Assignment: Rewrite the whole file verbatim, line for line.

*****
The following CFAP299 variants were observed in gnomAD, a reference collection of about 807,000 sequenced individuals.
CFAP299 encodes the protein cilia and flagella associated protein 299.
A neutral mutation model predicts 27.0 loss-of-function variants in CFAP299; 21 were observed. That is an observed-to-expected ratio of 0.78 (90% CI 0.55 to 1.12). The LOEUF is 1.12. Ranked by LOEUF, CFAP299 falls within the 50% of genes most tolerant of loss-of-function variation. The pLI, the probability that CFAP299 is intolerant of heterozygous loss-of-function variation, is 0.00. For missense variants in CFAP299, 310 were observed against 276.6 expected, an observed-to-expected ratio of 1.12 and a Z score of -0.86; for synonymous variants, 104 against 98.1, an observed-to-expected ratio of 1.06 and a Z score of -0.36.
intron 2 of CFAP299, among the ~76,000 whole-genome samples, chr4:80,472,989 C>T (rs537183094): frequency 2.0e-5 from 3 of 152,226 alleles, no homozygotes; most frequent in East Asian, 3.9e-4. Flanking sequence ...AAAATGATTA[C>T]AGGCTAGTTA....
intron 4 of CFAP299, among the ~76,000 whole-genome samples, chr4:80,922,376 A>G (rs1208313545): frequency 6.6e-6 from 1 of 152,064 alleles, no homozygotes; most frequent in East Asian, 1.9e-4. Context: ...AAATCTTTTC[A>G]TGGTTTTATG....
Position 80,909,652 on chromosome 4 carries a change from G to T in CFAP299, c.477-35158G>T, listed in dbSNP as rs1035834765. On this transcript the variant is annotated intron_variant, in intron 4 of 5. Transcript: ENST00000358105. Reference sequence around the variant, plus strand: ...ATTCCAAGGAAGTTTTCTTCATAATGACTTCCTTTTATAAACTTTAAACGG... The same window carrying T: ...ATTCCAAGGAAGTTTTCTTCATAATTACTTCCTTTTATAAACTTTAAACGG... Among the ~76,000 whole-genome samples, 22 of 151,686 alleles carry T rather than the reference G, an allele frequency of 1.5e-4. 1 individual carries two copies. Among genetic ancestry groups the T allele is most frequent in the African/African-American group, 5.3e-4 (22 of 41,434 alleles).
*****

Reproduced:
The following CFAP299 variants were observed in gnomAD, a reference collection of about 807,000 sequenced individuals.
CFAP299 encodes the protein cilia and flagella associated protein 299.
A neutral mutation model predicts 27.0 loss-of-function variants in CFAP299; 21 were observed. That is an observed-to-expected ratio of 0.78 (90% CI 0.55 to 1.12). The LOEUF is 1.12. Ranked by LOEUF, CFAP299 falls within the 50% of genes most tolerant of loss-of-function variation. The pLI, the probability that CFAP299 is intolerant of heterozygous loss-of-function variation, is 0.00. For missense variants in CFAP299, 310 were observed against 276.6 expected, an observed-to-expected ratio of 1.12 and a Z score of -0.86; for synonymous variants, 104 against 98.1, an observed-to-expected ratio of 1.06 and a Z score of -0.36.
intron 2 of CFAP299, among the ~76,000 whole-genome samples, chr4:80,472,989 C>T (rs537183094): frequency 2.0e-5 from 3 of 152,226 alleles, no homozygotes; most frequent in East Asian, 3.9e-4. Flanking sequence ...AAAATGATTA[C>T]AGGCTAGTTA....
intron 4 of CFAP299, among the ~76,000 whole-genome samples, chr4:80,922,376 A>G (rs1208313545): frequency 6.6e-6 from 1 of 152,064 alleles, no homozygotes; most frequent in East Asian, 1.9e-4. Context: ...AAATCTTTTC[A>G]TGGTTTTATG....
Position 80,909,652 on chromosome 4 carries a change from G to T in CFAP299, c.477-35158G>T, listed in dbSNP as rs1035834765. On this transcript the variant is annotated intron_variant, in intron 4 of 5. Transcript: ENST00000358105. Reference sequence around the variant, plus strand: ...ATTCCAAGGAAGTTTTCTTCATAATGACTTCCTTTTATAAACTTTAAACGG... The same window carrying T: ...ATTCCAAGGAAGTTTTCTTCATAATTACTTCCTTTTATAAACTTTAAACGG... Among the ~76,000 whole-genome samples, 22 of 151,686 alleles carry T rather than the reference G, an allele frequency of 1.5e-4. 1 individual carries two copies. Among genetic ancestry groups the T allele is most frequent in the African/African-American group, 5.3e-4 (22 of 41,434 alleles).